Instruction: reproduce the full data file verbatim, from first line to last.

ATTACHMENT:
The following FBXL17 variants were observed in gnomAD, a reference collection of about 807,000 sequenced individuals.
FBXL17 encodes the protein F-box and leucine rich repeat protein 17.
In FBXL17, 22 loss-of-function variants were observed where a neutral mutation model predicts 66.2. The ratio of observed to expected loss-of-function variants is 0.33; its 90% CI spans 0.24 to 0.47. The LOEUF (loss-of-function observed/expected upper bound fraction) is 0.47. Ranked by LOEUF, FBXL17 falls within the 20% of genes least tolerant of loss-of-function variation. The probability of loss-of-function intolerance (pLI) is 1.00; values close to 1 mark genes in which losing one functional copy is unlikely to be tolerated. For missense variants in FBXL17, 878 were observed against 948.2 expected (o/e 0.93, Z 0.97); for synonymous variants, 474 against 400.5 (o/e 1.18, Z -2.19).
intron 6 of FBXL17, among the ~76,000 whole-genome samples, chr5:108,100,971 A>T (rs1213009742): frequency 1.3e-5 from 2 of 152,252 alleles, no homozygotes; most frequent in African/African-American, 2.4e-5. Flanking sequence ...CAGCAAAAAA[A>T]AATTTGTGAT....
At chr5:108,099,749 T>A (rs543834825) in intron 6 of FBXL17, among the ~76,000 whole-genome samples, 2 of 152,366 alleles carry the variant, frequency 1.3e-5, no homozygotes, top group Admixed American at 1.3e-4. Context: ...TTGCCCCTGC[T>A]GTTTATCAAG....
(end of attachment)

The following FBXL17 variants were observed in gnomAD, a reference collection of about 807,000 sequenced individuals.
FBXL17 encodes the protein F-box and leucine rich repeat protein 17.
In FBXL17, 22 loss-of-function variants were observed where a neutral mutation model predicts 66.2. The ratio of observed to expected loss-of-function variants is 0.33; its 90% CI spans 0.24 to 0.47. The LOEUF (loss-of-function observed/expected upper bound fraction) is 0.47. Ranked by LOEUF, FBXL17 falls within the 20% of genes least tolerant of loss-of-function variation. The probability of loss-of-function intolerance (pLI) is 1.00; values close to 1 mark genes in which losing one functional copy is unlikely to be tolerated. For missense variants in FBXL17, 878 were observed against 948.2 expected (o/e 0.93, Z 0.97); for synonymous variants, 474 against 400.5 (o/e 1.18, Z -2.19).
intron 6 of FBXL17, among the ~76,000 whole-genome samples, chr5:108,100,971 A>T (rs1213009742): frequency 1.3e-5 from 2 of 152,252 alleles, no homozygotes; most frequent in African/African-American, 2.4e-5. Flanking sequence ...CAGCAAAAAA[A>T]AATTTGTGAT....
At chr5:108,099,749 T>A (rs543834825) in intron 6 of FBXL17, among the ~76,000 whole-genome samples, 2 of 152,366 alleles carry the variant, frequency 1.3e-5, no homozygotes, top group Admixed American at 1.3e-4. Context: ...TTGCCCCTGC[T>A]GTTTATCAAG....